Even if Ministry of Space sounds quite official, it is not a state-run ministry. Concealed behind the name is a small group of activists committed to social justice. Thus, the group fights for a city that benefits all those who live there. They fight against corrupt practices, the misappropriation of public money, and—as they argue—abuses of power by political players. In this way, the activists monitor, analyze, and critically comment upon large-scale urban development projects by transnational corporations and the privatization of public assets. They scrutinize the construction of luxury residential properties or shopping centers. Through their work, the group thus supports a broad protest culture that demands civil society inclusion in urban policy events.
City in Transition
The Wekerle estate in the southeast of Budapest has been part of the worldwide Transition Town Network for several years, which addresses the global challenges of the climate emergency and develops practices for local production as well as re-use. Alternative energy concepts are developed, food sovereignty is created, sustainable construction and emission-free mobility are promoted. In Wekerle, particular emphasis is placed on community-supported agriculture, organic horticulture is promoted through courses, seeds of local vegetable varieties are traded on exchange platforms, and compost is systematically collected. The local government has recognized this approach’s potential and supports it—despite some resistance—with material and financial resources. And so, a community house has been built, a community garden laid out, and the market place redesigned.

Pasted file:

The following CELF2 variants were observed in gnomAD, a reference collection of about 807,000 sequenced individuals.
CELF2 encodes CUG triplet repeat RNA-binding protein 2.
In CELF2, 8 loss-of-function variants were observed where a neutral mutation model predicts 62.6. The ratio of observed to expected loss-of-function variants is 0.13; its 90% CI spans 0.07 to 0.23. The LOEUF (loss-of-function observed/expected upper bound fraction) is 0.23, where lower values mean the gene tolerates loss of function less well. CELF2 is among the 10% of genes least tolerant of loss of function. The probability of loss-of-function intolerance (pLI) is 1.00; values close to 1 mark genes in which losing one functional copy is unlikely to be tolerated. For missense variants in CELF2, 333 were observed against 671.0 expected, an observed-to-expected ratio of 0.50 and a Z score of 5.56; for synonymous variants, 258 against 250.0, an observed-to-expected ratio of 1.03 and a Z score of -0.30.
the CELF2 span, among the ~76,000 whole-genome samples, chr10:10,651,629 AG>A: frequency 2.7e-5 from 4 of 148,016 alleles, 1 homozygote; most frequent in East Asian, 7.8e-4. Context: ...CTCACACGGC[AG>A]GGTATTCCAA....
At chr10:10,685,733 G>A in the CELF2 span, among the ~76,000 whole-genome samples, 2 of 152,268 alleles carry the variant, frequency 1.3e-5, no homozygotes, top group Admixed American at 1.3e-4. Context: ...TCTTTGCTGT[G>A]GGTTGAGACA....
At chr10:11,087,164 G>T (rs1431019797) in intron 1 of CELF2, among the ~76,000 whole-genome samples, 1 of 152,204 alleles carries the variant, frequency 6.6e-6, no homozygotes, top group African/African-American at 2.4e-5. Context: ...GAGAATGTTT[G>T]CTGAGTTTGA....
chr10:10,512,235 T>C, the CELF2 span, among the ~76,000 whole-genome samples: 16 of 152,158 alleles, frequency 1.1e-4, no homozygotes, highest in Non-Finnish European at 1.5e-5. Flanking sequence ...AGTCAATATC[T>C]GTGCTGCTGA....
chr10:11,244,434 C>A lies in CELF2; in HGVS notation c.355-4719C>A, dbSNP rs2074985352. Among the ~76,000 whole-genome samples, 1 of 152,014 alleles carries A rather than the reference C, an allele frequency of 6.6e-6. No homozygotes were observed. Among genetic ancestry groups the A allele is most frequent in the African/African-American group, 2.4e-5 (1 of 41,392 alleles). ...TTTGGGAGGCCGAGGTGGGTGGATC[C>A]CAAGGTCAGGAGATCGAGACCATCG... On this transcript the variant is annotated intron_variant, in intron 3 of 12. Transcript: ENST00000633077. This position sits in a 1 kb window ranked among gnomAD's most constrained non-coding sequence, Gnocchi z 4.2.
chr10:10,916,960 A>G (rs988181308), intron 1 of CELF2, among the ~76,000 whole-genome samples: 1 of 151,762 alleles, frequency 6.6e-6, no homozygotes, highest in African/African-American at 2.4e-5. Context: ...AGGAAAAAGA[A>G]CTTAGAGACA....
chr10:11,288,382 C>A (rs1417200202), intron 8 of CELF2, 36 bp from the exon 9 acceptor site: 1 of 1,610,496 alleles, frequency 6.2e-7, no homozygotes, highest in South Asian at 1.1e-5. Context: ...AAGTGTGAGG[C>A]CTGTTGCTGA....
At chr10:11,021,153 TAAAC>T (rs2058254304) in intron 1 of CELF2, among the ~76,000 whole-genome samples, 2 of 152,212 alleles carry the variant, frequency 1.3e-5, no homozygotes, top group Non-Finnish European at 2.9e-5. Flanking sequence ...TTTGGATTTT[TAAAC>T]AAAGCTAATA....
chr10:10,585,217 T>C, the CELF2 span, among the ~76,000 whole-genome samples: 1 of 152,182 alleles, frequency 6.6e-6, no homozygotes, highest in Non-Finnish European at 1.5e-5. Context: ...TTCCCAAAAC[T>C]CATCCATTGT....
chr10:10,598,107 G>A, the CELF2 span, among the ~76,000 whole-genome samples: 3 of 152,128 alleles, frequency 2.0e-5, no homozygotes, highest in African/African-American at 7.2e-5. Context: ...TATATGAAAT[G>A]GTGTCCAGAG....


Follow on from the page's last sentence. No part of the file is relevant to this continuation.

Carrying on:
Technical Assistance for an Informal Settlement
South of Lisbon, in the hinterland of hotels and apartment complexes, is the not yet legalized Terras da Costa quarter. In 2012, the idea of setting up a communal kitchen was born in the neighborhood. Their proposal was tied to hopes that authorities would agree to install a water supply and thereby start the legalization process of the settlement. The architectural office ateliermob and many other groups, initiatives, and individuals supported this ambition in various ways. Some contributed their work directly, others positioned themselves in solidarity, and foundations funded the project. After about two years, water finally flowed to Terras da Costa. But many other aspects remained unresolved or have not been decided politically, so that settlements in similar situations have to continue the fight for their rights to the city.
The works of constructLab unfold in the cosmos between imagination and life. But the focus of the collective’s work is not on creating fixed and unalterable facts. Instead, they actively seek ways to give form to the desires and hopes expressed in appropriations. The Baukiosk takes on the role of a symbol in this context. As a complex structure, it embodies a particular form of city-making that combines—or deliberately collides—differing interests with different opportunities. Thus, the kiosk is a meeting place as well as a collection point. Analog billboard and digital display. Information system and resting point. It is always many things and everything at once.
A Different Kind of City Kitchen
When Yuriy Fylyuk and his friends moved from Kyiv to Ivano-Frankivsk in the summer of 2008, they found a place with scarcities of all sorts. Out of this, Teple Misto or Warm City emerged—a network that today includes around sixty local companies. A restaurant became one of the platforms for the group’s activities and serves as a place for meeting as well as exchange. One hundred people participate as co-financiers in the Urban Space 100 project. Since 2015, parts of the restaurant’s profits have gone into a pot that finances and supports initiatives, small and larger projects. The money collected in this way has already been used to restore historic building entrances, procure computers for medical facilities, and organize sporting events and festivals.